Natriuretic peptides and the control of catecholamine release in two freshwater teleost and a marine elasmobranch fish

J. E. McKendry, N. J. Bernier, Y. Takei, D. W. Duff, K. R. Olson, S. F. Perry

Research output: Contribution to journalArticle

18 Scopus citations

Abstract

Experiments were carried out in situ and in vivo to investigate the relationship between natriuretic peptides (NPs) and humoral catecholamine secretion in the American eel (Anguilla rostrata), rainbow trout (Oncorhynchus mykiss) and spiny dogfish (Squalus acanthias). In situ perfusion of the chromaffin tissue of A. rostrata with homologous atrial NP (ANP; 10-9 mol 1-1) or ventricular NP (VNP; 10-9 mol 1-1), or O. mykiss with either rat ANP (10-9 mol 1-1), eel VNP (10-9 mol 1-1), or trout VNP (10-9 mol 1-1), did not significantly affect basal or carbachol-elicited (10-5 mol kg-1) catecholamine release. Bolus injections of homologous ANP (10-9 mol kg-1) or VNP (10-9 mol kg-1) in A. rostrata in vivo elicited a rapid and prolonged reduction in arterial blood pressure and an increase in heart rate (fH); circulating plasma catecholamine levels were unaffected. In O. mykiss, bolus injections of rat ANP (10-9 mol kg-1) or trout VNP (10-9 mol kg-1) elicited a significant bi-phasic pressor-depressor response and a marked increase in fH. Neither the acute pressor or the longer-term depressor effects of NPs in O. mykiss were associated with any change in circulating plasma catecholamine levels. In S. acanthias, bolus injections of homologous C-type natriuretic peptide (CNP; 10-9 mol kg-1) elicited a bi-phasic pressor-depressor response, an increase in systemic resistance, a decrease in cardiac output and stroke volume, but no change in fH. Plasma noradrenaline levels were elevated 15-fold after CNP injection while circulating adrenaline levels remained unchanged. These results show that NPs of systemic origin do not directly or indirectly affect basal or cholinergically-mediated catecholamine release in A. rostrata and O. mykiss and that the initial pressor response to NP's in trout cannot be attributed to an elevation of circulating catecholamines. Conversely, CNP appears to be a potent secretagogue (direct or indirect) of noradrenaline release in S. acanthias and thus there is likely to be a significant humoral adrenergic component to the cardiovascular effects of NPs in this species.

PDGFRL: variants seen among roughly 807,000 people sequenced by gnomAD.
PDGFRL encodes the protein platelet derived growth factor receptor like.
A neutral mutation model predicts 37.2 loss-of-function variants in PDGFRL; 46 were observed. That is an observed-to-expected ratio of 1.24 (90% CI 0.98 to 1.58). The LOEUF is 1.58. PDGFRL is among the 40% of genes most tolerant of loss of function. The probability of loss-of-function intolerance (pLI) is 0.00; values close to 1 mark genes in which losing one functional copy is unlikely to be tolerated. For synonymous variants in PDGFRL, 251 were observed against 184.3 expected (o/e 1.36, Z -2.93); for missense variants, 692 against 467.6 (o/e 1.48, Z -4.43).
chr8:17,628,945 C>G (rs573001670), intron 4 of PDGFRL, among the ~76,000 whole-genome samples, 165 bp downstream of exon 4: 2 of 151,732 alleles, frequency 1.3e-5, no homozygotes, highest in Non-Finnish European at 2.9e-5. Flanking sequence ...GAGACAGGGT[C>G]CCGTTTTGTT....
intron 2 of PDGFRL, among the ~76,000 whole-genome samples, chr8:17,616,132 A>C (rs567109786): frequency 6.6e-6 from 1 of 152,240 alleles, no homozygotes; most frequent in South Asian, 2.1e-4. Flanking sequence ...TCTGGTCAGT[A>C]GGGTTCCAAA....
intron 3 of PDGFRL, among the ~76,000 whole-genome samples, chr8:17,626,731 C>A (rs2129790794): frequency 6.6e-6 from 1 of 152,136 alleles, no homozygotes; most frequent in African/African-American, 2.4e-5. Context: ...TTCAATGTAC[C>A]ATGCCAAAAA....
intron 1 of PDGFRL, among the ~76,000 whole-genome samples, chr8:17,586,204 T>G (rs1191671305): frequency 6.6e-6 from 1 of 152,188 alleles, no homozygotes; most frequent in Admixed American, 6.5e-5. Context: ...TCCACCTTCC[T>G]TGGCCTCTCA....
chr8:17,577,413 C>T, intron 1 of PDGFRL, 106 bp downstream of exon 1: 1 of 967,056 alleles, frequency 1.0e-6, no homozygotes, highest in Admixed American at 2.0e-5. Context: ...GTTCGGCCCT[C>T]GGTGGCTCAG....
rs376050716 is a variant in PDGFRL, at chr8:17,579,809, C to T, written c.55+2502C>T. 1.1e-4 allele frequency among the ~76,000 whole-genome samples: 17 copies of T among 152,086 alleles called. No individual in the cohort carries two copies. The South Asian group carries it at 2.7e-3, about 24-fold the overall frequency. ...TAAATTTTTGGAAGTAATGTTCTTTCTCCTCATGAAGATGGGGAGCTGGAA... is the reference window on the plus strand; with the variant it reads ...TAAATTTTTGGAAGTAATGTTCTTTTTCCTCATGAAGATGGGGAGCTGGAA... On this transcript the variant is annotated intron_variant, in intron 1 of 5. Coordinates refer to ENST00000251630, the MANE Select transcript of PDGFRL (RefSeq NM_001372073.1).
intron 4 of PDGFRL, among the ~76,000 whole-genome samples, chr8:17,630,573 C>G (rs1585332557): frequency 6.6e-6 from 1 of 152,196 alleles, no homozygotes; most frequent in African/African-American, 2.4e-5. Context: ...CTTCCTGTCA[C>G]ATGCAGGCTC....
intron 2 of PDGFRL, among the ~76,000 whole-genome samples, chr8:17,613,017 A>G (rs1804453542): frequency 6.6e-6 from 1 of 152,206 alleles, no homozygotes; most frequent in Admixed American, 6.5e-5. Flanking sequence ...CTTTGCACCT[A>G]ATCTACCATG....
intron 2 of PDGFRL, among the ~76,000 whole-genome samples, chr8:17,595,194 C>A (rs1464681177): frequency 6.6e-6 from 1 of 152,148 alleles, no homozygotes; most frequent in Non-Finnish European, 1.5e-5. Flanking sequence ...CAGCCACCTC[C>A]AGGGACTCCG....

Original languageEnglish (US)
Pages (from-to)61-77
Number of pages17
JournalFish Physiology and Biochemistry
Volume20
Issue number1
DOIs
StatePublished - Jan 1 1999

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Keywords

  • Adrenaline
  • Atrial natriuretic peptide
  • C-type natriuretic peptide
  • Carbachol
  • Cardiovascular effects
  • Noradrenaline
  • Ventricular natriuretic peptide

ASJC Scopus subject areas

  • Aquatic Science
  • Biochemistry, Genetics and Molecular Biology(all)
  • Biochemistry
  • Physiology
  • Physiology (medical)

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